VPI excision affects ssrA.

The chromosomal integration site of the VPI, like those of most other PAIs, is at the 3′end of a tRNA-like gene (ssrA) (26, 32). The ssrA gene encodes a small stable RNA (~370 nucleotides in length) that has a tRNA-like tertiary structure and an acceptor stem with a terminal CCA end that can be aminoacylated with alanine (18, 31). The ssrA RNA is also known as the tmRNA because it functions as an alanine-specific tRNA and also contains a short reading frame coding for 10 amino acids (47). The 11-amino-acid tag (alanine plus the 10 encoded amino acids) is added to polypeptides translated from mRNAs lacking a termination codon, and the added 11 amino acids serve as a tag to mark the protein a target for specific proteolysis. Besides the VPI, a PAI of Salmonella enterica serovar Typhimurium is also inserted into the ssrA gene (23). Insertion of PAIs into tRNA or tRNA-like genes is typical of many pathogenic bacteria (3), and this feature is also shared among lysogenic and temperate phages (19, 41, 42).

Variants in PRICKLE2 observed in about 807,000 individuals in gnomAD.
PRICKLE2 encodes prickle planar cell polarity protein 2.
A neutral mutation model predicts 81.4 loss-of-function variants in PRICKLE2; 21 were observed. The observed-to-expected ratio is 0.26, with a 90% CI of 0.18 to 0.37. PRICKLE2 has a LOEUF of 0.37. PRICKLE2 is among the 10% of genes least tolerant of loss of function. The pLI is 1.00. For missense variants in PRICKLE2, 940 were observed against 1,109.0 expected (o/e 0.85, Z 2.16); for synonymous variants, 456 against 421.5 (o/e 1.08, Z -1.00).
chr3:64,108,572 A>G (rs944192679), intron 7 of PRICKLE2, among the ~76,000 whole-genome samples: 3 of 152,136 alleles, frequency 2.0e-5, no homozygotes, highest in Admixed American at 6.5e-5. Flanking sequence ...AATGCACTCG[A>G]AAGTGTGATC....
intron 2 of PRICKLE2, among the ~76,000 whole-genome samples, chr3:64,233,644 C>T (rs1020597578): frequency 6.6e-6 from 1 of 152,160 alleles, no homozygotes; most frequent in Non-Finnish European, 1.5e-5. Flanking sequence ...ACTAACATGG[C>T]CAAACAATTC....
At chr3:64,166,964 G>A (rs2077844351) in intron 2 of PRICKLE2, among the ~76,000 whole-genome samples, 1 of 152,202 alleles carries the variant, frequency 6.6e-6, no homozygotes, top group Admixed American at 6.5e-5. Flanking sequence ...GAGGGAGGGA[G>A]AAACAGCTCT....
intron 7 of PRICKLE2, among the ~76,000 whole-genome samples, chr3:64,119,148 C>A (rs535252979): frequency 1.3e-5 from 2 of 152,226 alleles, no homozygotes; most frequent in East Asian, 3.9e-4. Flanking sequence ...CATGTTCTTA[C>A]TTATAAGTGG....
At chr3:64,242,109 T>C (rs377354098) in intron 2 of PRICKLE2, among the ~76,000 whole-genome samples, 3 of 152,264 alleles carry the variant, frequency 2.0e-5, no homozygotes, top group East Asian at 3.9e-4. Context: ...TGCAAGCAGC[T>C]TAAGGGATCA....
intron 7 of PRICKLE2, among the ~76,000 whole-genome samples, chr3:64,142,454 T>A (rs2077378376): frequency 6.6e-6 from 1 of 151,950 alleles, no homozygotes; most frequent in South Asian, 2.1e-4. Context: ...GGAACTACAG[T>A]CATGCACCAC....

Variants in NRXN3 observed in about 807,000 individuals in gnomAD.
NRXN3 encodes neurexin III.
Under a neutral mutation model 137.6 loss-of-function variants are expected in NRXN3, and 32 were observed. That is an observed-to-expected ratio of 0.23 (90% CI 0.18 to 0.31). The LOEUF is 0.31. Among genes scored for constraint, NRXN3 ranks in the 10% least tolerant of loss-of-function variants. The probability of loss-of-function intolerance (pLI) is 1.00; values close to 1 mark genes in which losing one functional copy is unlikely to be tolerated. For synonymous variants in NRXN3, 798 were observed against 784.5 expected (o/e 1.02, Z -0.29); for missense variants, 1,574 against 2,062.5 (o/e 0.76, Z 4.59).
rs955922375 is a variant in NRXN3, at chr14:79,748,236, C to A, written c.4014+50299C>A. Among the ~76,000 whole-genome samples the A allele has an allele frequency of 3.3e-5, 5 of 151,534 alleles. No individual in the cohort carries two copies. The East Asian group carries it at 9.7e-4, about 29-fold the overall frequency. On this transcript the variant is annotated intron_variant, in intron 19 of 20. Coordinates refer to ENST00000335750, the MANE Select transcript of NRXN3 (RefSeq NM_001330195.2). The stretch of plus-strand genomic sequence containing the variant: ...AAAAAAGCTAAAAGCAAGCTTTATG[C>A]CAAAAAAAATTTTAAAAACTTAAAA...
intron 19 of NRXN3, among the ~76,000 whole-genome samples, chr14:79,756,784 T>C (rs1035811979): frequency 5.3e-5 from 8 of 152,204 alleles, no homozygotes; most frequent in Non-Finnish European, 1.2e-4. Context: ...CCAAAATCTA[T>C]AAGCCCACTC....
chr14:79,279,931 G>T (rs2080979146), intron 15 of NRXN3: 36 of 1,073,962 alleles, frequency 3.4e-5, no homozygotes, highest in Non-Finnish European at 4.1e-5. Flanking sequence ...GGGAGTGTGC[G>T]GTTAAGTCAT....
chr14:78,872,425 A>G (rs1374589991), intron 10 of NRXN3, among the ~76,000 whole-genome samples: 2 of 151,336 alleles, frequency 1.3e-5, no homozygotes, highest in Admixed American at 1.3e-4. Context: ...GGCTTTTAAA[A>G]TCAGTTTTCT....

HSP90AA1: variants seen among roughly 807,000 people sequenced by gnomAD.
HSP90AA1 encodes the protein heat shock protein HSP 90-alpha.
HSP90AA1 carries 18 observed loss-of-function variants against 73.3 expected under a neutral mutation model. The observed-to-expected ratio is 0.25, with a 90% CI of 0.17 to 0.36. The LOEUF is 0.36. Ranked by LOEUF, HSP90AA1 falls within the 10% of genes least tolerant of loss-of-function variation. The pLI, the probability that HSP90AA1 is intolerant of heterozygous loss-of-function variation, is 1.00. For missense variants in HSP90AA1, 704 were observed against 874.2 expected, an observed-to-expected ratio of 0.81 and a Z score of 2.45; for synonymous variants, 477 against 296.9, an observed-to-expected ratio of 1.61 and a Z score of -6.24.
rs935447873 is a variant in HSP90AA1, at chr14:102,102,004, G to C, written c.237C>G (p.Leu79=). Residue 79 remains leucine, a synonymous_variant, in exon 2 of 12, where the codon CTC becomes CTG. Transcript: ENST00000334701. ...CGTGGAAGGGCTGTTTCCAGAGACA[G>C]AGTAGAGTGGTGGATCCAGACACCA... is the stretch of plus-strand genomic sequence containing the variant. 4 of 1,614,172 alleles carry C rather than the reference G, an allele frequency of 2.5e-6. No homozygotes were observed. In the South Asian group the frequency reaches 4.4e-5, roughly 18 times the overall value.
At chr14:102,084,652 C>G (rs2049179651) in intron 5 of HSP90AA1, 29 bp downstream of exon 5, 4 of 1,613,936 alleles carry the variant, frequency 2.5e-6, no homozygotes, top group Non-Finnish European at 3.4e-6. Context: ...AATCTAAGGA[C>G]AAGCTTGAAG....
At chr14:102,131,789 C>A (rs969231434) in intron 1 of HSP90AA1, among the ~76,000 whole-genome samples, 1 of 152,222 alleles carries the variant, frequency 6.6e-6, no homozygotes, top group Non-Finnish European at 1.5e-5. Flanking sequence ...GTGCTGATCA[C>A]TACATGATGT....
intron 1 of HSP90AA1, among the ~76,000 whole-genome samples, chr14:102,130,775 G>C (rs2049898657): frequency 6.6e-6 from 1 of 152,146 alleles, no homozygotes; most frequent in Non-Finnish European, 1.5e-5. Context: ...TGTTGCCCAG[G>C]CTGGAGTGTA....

Comparison of the attP site in pVPI and the vacant bacterial attB site reveals the absence of an adenine in the attB following excision. This deletion was confirmed by sequencing the chromosome from four independent cultures in strain N16961(data not shown). The deleted adenine corresponds to A361 in the ssrA gene, which encodes the U of the G · U base pair that is critical for aminoacylation of the ssrA RNA with alanine (31). The G · U base pair is conserved in the evolution of all cytoplasmic alanine-specific tRNAs and ssrA RNA (20, 21). Biochemical analysis has shown that substitution of the U in the G · U base pair completely eliminates aminoacylation with alanine in vitro and inactivates the acceptor activity in vivo (21). In the case of excision of VPI, deletion of U may also alter the structure of the acceptor stem to prevent aminoacylation. Thus, excision might have a major deleterious impact on the cellular function of the ssrA RNA and impede the homeostasis of the host cells to target protein degradation. Conceivably, because the retention of the VPI maintains the integrity of the ssrA RNA, this may provide a selective advantage for pathogenicity. The potential relevance of this specific sequence in V. cholerae is being further studied.